Euclidian distance is the most common measure of metric distance, which is an approximation of the 'distance' between gene expression from replicates in one condition to replicates in other conditions. Euclidean distance is calculated by treating the expression of a group of probesets as a point in n-dimensional space, where the distance from the axis in each dimension represents the expression (the technical mean of transformed signal value for the replicates) of a single probeset. This produces a single point in n dimensions (where n is the number of probesets in the group) that represents one set of conditions, and a single point in the same n-dimensional space that represents the same group of probesets under different conditions. The Euclidean distance between each point (representing each condition) was calculated by using the square root of the sums of squared differences between the points in each dimension, using the formula:
Euclidean distance = √(x1 - y1)2 + (x2 - y2)2+ (x3 - y3)2 + ...
where x is the point representing the probeset group in condition x, with each dimension x1, x2, x3, and so on being the expression of individual probesets within the group, and y is the point representing the probeset group in condition y, with each dimension y1, y2, y3, and so on being the expression of individual probesets within the group .
The straight line distance between the two points thus calculated represents the difference in expression of the included probesets between the two conditions. The probeset group used to calculate the Euclidean distance here included all probesets present in all replicates for at least one condition, thus creating an approximation of the genome-wide similarity between two conditions [21, 83, 84].
Genomic clustering analysis
Gene Set Enrichment Analysis (GSEA) was used to examine the genome for areas of differential expression by cytogenetic band. GSEA R script (script defaults, standard method)  was used with the 'gene label' permutation method. Genes represented by multiple probesets were reduced to a single probeset with the smallest overall p value. A lower cut-off of 20 genes per cytogenetic band was used, which resulted in a total of 113 gene sets being tested for enrichment. A false discovery rate cut-off of 0.4 was initially used, with the stricter criterion of 0.25 for regions listed. Regions with enriched gene expression during positive selection (B10k) refer to cytogenetic bands with an enriched number of genes with expression differences between B10k pre-selection thymocytes and B10k positive selection thymocytes (TCR transgenic early SP cells). Regions with enriched gene expression during negative selection (B10k) refer to cytogenetic bands with an enriched number of genes with expression differences between B10k positive selection thymocytes (TCR transgenic early SP cells) and B10k negative selection thymocytes (insHEL:TCR double transgenic early SP cells). Regions with enriched strain differences in pre-selection thymocytes refer to cytogenetic bands with an enriched number of genes with expression differences between B10k pre-selection thymocytes and NODk pre-selection thymocytes. Regions with enriched strain differences induced during negative selection refer to cytogenetic bands with an enriched number of genes with expression differences between B10k negative selection thymocytes (insHEL:TCR double transgenic early SP cells) and NODk negative selection thymocytes (insHEL:TCR double transgenic early SP cells), with any regions showing enrichment at the pre-selection thymocyte stage removed.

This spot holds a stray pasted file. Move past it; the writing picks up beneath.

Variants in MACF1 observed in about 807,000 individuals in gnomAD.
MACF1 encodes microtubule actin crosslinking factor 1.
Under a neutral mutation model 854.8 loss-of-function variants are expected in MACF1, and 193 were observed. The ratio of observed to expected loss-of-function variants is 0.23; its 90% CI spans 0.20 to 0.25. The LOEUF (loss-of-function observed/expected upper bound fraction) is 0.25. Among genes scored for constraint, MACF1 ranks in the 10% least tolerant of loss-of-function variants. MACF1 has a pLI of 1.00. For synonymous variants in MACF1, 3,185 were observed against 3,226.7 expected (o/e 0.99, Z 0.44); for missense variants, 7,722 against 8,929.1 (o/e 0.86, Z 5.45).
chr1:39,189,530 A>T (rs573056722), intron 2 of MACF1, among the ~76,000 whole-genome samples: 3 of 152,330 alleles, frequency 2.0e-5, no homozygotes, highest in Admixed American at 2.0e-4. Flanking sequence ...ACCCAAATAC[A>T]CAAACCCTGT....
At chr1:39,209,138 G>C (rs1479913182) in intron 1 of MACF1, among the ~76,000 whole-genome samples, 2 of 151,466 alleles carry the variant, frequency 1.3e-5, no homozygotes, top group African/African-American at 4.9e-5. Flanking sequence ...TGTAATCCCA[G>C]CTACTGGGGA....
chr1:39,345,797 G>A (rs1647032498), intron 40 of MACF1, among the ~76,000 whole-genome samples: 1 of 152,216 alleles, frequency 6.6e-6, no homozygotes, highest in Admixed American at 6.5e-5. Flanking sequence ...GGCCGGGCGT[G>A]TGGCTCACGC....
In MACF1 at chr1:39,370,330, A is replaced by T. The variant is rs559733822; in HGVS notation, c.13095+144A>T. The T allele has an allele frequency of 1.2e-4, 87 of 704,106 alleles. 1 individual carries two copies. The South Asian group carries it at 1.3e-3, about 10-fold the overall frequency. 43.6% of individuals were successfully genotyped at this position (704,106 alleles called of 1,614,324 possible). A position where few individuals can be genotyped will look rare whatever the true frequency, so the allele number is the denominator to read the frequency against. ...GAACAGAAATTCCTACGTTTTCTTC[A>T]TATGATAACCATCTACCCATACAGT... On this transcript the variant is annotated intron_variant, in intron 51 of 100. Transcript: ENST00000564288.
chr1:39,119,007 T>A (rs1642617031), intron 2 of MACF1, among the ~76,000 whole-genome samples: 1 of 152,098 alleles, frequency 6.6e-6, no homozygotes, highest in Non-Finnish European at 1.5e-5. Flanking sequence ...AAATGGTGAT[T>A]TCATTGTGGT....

We analyzed 6-10-week old mice (or 6 week post-reconstitution chimeric mice) as described previously [5, 10] using the following antibodies: 1G12 anti-clonotype  (gift of E Unanue and D Peterson, Washington University, St Louis, MO, USA) culture supernatant followed by rat anti-mouse IgG1 allo-phycocyanin; anti-CD8α-PerCP; anti-CD4-FITC or PE; anti-Ly5a-FITC; anti-CD3-PE; and anti-B220-PE (all from BD PharMingen, San Jose, CA, USA).
Additional data files